If Gillard can be successful in climate change policy, she will have achieved a lot in economic reforms. Then it is not too difficult to deal with others.

National guideline for curriculum versus national curriculum

Comments on Justine Ferrari “A curriculum at the crossroads”, 9/10/2010, http://www.theaustralian.com.au/news/opinion/a-curriculum-at-the-crossroads/story-e6frg6zo-1225936206830
The current national curriculum attempt, while having its merits, has been wrong from the start.

It is an attempt of centralisation by Canberra, or the federal government.

With that in mind, it is difficult to leave enough flexibility to suit different circumstances across the nation.

What it should have been doing is a high level guideline of curriculum rather than a uniform national curriculum.

Think outside the Murray-Darling Basin!

Comments on Graham Lloyd “Plans must stay true to use of scarce resource”, 9/10/2010, http://www.theaustralian.com.au/national-affairs/climate/plans-must-stay-true-to-use-of-scarce-resource/story-e6frg6xf-1225936209319
Given the reported costs to both farmers due to water cuts and the government due to water buy back, why don't the nation and indeed the Commission think outside the square to be creative and more cost effective and efficient in dealing with the environment?

The thinking should be outside the basin, not just within it!

For example, with those costs in mind, why can't the nation (the government) spend some money in getting water from the northern part of the country into the river system?

Australia is a dry continent. It pays to build water infrastructure to utilise natural rain water from the north. That will last forever and will be a true nation building project.

PS: The article starts with:
"IT is tempting to let the focus stray from the parlous state into which the river system was allowed to slip.

WITH the Murray-Darling Basin charged, birds returning to the wetlands and the rivermouth open to the sea for the first time in half a decade, it is tempting to let the focus stray from the parlous state into which the river system was allowed to slip.
Environmentally, the starting point of yesterday's report by the Murray-Darling Basin Authority that the river mouth remain open at least 90 per cent of the time is a good one.
Consistent flows are needed to preserve the health of the internationally important wetlands such as the Coorong and Lower Murray Lakes and ensure the continued overall health of the system."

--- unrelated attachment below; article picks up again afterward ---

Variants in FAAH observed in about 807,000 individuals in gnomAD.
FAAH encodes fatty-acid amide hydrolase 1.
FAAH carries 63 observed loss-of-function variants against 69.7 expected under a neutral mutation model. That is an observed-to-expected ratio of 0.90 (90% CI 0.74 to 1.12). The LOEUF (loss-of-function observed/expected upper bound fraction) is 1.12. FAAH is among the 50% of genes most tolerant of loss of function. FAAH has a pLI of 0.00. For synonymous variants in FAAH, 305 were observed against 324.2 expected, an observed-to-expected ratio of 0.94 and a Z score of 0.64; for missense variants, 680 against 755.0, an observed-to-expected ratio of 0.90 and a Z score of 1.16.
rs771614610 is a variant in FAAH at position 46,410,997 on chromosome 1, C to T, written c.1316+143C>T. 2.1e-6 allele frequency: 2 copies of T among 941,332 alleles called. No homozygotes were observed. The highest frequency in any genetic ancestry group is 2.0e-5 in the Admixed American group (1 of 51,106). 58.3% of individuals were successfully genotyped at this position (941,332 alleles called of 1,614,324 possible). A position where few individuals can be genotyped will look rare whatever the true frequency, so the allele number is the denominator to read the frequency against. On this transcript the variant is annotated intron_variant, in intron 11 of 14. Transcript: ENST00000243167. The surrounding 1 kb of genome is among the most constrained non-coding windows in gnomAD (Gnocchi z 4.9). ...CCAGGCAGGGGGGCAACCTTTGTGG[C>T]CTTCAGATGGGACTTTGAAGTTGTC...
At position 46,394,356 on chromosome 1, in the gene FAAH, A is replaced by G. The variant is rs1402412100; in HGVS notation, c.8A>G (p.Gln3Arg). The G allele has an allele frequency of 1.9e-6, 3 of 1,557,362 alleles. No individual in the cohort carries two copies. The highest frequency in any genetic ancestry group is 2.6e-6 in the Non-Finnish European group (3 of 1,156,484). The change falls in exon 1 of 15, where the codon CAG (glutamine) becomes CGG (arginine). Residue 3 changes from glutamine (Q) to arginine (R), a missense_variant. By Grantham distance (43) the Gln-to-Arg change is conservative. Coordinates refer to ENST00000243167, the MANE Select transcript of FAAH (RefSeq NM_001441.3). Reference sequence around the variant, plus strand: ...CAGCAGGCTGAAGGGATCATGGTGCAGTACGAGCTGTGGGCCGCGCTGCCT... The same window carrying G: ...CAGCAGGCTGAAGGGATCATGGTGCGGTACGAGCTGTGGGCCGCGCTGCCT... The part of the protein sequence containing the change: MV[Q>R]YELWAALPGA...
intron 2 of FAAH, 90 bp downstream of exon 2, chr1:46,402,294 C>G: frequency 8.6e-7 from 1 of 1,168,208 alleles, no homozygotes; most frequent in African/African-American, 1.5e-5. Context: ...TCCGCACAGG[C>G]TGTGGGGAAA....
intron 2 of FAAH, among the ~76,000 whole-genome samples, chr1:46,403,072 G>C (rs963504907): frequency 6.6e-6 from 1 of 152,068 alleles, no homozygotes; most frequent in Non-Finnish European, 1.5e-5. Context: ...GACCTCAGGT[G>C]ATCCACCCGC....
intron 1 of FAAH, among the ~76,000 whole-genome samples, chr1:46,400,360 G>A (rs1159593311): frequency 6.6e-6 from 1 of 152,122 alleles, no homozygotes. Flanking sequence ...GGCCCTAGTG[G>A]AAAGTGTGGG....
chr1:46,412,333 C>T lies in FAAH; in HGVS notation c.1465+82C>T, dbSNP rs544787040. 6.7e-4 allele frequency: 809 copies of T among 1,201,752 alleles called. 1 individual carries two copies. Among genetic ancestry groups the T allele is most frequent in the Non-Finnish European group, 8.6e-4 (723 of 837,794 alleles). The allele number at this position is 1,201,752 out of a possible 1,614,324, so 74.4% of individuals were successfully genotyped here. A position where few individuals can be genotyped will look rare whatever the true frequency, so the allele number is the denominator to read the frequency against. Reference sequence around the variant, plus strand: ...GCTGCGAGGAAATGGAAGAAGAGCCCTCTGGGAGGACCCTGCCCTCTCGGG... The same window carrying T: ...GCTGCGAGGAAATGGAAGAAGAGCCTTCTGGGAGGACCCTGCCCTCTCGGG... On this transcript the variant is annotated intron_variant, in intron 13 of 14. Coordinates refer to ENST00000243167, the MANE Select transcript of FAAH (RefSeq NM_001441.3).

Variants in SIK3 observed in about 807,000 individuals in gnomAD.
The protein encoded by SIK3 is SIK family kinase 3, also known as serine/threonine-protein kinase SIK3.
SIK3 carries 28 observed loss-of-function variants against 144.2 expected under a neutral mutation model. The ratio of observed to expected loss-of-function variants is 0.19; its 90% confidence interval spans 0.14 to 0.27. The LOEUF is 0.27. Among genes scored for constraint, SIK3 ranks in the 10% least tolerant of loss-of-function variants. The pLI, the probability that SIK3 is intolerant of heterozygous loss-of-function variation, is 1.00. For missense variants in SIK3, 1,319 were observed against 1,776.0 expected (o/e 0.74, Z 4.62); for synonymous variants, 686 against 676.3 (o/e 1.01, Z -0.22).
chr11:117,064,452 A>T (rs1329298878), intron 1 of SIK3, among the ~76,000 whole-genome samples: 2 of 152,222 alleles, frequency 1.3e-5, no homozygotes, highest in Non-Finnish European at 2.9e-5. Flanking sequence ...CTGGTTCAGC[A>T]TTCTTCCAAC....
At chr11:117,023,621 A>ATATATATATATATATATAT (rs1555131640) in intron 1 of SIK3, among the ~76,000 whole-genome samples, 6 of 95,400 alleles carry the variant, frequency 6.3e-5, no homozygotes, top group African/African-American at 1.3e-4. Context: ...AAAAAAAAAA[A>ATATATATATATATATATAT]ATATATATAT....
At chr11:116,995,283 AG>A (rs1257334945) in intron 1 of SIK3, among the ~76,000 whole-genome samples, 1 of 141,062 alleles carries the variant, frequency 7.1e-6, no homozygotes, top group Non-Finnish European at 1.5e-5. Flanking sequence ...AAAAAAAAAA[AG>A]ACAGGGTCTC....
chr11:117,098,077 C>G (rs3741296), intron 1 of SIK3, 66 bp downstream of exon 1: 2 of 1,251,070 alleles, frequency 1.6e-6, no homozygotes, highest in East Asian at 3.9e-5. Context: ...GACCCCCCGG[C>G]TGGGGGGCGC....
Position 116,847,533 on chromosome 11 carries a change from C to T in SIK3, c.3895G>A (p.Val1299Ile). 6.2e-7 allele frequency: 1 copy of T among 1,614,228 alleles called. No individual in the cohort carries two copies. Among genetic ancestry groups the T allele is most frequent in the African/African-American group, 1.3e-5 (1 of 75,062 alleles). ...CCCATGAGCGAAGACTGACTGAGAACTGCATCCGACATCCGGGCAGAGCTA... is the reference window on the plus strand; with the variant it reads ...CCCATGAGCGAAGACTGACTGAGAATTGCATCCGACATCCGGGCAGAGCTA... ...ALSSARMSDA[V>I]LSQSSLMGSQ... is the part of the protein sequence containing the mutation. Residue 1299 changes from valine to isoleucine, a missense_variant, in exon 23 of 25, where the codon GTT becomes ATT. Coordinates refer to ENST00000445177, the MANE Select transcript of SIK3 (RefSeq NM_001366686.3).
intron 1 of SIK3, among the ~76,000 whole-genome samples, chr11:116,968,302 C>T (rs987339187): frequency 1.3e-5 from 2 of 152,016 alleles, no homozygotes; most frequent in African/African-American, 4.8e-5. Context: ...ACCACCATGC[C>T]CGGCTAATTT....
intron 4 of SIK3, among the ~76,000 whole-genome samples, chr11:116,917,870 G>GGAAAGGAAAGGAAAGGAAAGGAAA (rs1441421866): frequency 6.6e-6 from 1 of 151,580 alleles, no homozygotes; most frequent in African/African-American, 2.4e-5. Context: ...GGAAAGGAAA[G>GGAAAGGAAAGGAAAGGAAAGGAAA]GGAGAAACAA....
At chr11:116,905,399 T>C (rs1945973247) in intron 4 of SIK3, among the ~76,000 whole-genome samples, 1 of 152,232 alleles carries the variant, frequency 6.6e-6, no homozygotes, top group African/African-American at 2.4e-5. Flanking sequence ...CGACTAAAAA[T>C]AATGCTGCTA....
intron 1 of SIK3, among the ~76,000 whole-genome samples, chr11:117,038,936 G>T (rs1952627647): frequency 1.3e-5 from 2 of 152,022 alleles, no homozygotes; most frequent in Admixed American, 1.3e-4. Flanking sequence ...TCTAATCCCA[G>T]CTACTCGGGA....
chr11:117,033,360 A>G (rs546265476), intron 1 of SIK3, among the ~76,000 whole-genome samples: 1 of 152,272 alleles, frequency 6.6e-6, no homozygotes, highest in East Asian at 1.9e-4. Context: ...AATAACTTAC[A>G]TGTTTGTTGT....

G20 and other world and international institutions

Comments on Thom Woodroofe “The G20: More development needed”, 10/10/2010, http://www.eastasiaforum.org/2010/10/10/the-g20-more-development-needed-2/
The G20 should consolidate on its role in world economic and financial affairs first to make it both effective and efficient to steer the world economy and ensure financial stability.

In that role, the G20 should gradually play a leading role in coordinating the agendas of main international economic and financial institutions like the world trade organisation, IMF and the World Bank.

It is possible and indeed desirable for G20 to play a leading role in negotiating a world climate change agreement. The UN should mandate G20 such a role, perhaps as its effective climate change secretariat.

At this stage, it appears more difficult for the G20 to play the role for world security, given the complexity of security issue. Just imagine, if the five UN security permanent members could not reach agreement on some issues, how could the G20 which include all those five to reach agreement on the same issues?

So, the best strategy for the G20 is to play a role in areas it can be successful and gradually to establish itself to be an effective world body, and then to broaden its agenda and influences, including possibly the reforms of UN governing mechanisms


The US has got too much at hands!

Comments on Donald Emmerson “China’s ‘frown diplomacy’ in Southeast Asia”, 8/10/2010, http://www.eastasiaforum.org/2010/10/08/chinas-frown-diplomacy-in-southeast-asia/
The US has many things to be concerned or worry about, such as the wars in Iraq and Afghanistan, the middle east, its economy in terms of slow recovery, high unemployment and big deficits.

The book of Obama's Wars reflects part of the problems the US has been having: its military still thinks it is invincible and can win the Afghanistan war to a decent standard, but its political master has to consider its costs in both short and long terms and has to take a different direction.

In that context and with implications for the Southeast Asia region, the following from the post is interesting to note:

"As for the divergence of Southeast Asian and American perspectives on China, suffice it to recall this remark by a high-ranking official in an ASEAN country: ‘Remember,’ he told me, ‘for us in Asia, the US is geopolitical, but China is geographical.’ In other words: Faraway friends are welcome and helpful, but the local landscape is a permanent fact. One has to adapt to it — and to the seascape — to survive."


Is IMF credible in lecturing other governments?

Comments on David Uren “Labor facing storm clouds: International Monetary Fund”, 30/09/2010, http://www.theaustralian.com.au/national-affairs/labor-facing-storm-clouds-international-monetary-fund/story-fn59niix-1225932014281
I used to have high respect for IMF the fund, but not any more since its appalling responses to the Asia financial crisis in 1997.

It has changed any bit for any better ever since.

It always lectures other governments in the world on this or that, even though it itself cannot do its job properly.

Isn't that enough to ignore what it says?